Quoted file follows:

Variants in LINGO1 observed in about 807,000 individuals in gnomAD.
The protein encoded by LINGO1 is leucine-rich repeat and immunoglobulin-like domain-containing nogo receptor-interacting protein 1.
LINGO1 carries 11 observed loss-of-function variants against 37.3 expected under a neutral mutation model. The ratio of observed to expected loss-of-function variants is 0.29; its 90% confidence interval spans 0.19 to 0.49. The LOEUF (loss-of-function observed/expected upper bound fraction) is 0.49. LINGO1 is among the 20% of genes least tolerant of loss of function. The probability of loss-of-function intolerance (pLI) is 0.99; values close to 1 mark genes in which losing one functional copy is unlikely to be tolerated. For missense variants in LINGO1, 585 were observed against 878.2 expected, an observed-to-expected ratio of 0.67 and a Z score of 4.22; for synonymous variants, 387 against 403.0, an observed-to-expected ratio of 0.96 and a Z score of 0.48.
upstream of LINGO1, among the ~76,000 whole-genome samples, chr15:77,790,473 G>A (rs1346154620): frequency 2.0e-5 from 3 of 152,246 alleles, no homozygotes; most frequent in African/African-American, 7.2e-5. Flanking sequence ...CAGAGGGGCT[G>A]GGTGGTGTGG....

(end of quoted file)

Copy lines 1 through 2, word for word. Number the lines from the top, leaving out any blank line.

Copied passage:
Variants in LINGO1 observed in about 807,000 individuals in gnomAD.
The protein encoded by LINGO1 is leucine-rich repeat and immunoglobulin-like domain-containing nogo receptor-interacting protein 1.